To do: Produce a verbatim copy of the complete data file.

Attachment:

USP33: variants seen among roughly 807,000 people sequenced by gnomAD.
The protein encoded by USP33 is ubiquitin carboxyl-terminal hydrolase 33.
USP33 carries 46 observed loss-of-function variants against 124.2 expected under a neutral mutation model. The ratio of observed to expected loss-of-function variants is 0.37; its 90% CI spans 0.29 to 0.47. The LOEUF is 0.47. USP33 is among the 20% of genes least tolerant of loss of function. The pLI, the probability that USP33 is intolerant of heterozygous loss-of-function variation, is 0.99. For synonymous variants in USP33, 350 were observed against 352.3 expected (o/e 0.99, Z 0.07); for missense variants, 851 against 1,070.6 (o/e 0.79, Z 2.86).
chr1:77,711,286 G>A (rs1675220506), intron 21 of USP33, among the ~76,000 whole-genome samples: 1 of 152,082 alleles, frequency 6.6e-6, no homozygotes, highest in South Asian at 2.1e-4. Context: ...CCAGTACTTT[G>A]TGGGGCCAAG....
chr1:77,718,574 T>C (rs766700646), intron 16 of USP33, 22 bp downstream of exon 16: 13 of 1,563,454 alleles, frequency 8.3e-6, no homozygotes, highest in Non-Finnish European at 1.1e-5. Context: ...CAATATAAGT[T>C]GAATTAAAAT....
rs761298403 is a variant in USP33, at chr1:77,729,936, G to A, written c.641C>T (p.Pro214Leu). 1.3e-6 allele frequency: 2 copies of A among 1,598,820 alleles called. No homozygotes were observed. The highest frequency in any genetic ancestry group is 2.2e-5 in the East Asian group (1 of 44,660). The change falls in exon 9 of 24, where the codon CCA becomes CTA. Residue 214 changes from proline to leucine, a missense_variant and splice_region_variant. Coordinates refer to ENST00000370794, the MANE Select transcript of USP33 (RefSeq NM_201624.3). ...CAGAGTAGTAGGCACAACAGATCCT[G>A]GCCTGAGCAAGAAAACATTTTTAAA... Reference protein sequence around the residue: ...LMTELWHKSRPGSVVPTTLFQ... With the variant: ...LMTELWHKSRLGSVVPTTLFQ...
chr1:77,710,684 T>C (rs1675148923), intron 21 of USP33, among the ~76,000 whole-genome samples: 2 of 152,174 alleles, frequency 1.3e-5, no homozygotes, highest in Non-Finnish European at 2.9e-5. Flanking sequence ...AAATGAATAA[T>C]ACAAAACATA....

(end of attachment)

USP33: variants seen among roughly 807,000 people sequenced by gnomAD.
The protein encoded by USP33 is ubiquitin carboxyl-terminal hydrolase 33.
USP33 carries 46 observed loss-of-function variants against 124.2 expected under a neutral mutation model. The ratio of observed to expected loss-of-function variants is 0.37; its 90% CI spans 0.29 to 0.47. The LOEUF is 0.47. USP33 is among the 20% of genes least tolerant of loss of function. The pLI, the probability that USP33 is intolerant of heterozygous loss-of-function variation, is 0.99. For synonymous variants in USP33, 350 were observed against 352.3 expected (o/e 0.99, Z 0.07); for missense variants, 851 against 1,070.6 (o/e 0.79, Z 2.86).
chr1:77,711,286 G>A (rs1675220506), intron 21 of USP33, among the ~76,000 whole-genome samples: 1 of 152,082 alleles, frequency 6.6e-6, no homozygotes, highest in South Asian at 2.1e-4. Context: ...CCAGTACTTT[G>A]TGGGGCCAAG....
chr1:77,718,574 T>C (rs766700646), intron 16 of USP33, 22 bp downstream of exon 16: 13 of 1,563,454 alleles, frequency 8.3e-6, no homozygotes, highest in Non-Finnish European at 1.1e-5. Context: ...CAATATAAGT[T>C]GAATTAAAAT....
rs761298403 is a variant in USP33, at chr1:77,729,936, G to A, written c.641C>T (p.Pro214Leu). 1.3e-6 allele frequency: 2 copies of A among 1,598,820 alleles called. No homozygotes were observed. The highest frequency in any genetic ancestry group is 2.2e-5 in the East Asian group (1 of 44,660). The change falls in exon 9 of 24, where the codon CCA becomes CTA. Residue 214 changes from proline to leucine, a missense_variant and splice_region_variant. Coordinates refer to ENST00000370794, the MANE Select transcript of USP33 (RefSeq NM_201624.3). ...CAGAGTAGTAGGCACAACAGATCCT[G>A]GCCTGAGCAAGAAAACATTTTTAAA... Reference protein sequence around the residue: ...LMTELWHKSRPGSVVPTTLFQ... With the variant: ...LMTELWHKSRLGSVVPTTLFQ...
chr1:77,710,684 T>C (rs1675148923), intron 21 of USP33, among the ~76,000 whole-genome samples: 2 of 152,174 alleles, frequency 1.3e-5, no homozygotes, highest in Non-Finnish European at 2.9e-5. Flanking sequence ...AAATGAATAA[T>C]ACAAAACATA....